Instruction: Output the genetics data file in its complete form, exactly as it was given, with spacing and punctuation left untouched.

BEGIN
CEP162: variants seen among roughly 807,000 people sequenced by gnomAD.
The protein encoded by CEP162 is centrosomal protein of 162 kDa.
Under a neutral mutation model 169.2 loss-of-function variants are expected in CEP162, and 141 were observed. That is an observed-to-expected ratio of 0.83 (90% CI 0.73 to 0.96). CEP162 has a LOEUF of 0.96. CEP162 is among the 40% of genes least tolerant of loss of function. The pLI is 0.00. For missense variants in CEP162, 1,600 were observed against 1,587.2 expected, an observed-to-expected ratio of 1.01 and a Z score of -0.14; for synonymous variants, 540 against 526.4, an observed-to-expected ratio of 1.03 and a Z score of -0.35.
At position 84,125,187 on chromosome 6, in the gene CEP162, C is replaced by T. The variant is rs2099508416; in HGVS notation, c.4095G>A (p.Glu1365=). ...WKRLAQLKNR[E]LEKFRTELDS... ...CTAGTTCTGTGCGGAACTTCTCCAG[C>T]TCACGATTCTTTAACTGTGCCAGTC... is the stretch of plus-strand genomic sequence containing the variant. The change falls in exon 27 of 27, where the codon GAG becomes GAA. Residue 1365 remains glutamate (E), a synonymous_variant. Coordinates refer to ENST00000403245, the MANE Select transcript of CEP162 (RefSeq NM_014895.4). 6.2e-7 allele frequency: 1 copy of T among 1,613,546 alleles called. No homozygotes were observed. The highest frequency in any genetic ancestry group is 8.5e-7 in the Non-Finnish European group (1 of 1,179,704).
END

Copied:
CEP162: variants seen among roughly 807,000 people sequenced by gnomAD.
The protein encoded by CEP162 is centrosomal protein of 162 kDa.
Under a neutral mutation model 169.2 loss-of-function variants are expected in CEP162, and 141 were observed. That is an observed-to-expected ratio of 0.83 (90% CI 0.73 to 0.96). CEP162 has a LOEUF of 0.96. CEP162 is among the 40% of genes least tolerant of loss of function. The pLI is 0.00. For missense variants in CEP162, 1,600 were observed against 1,587.2 expected, an observed-to-expected ratio of 1.01 and a Z score of -0.14; for synonymous variants, 540 against 526.4, an observed-to-expected ratio of 1.03 and a Z score of -0.35.
At position 84,125,187 on chromosome 6, in the gene CEP162, C is replaced by T. The variant is rs2099508416; in HGVS notation, c.4095G>A (p.Glu1365=). ...WKRLAQLKNR[E]LEKFRTELDS... ...CTAGTTCTGTGCGGAACTTCTCCAG[C>T]TCACGATTCTTTAACTGTGCCAGTC... is the stretch of plus-strand genomic sequence containing the variant. The change falls in exon 27 of 27, where the codon GAG becomes GAA. Residue 1365 remains glutamate (E), a synonymous_variant. Coordinates refer to ENST00000403245, the MANE Select transcript of CEP162 (RefSeq NM_014895.4). 6.2e-7 allele frequency: 1 copy of T among 1,613,546 alleles called. No homozygotes were observed. The highest frequency in any genetic ancestry group is 8.5e-7 in the Non-Finnish European group (1 of 1,179,704).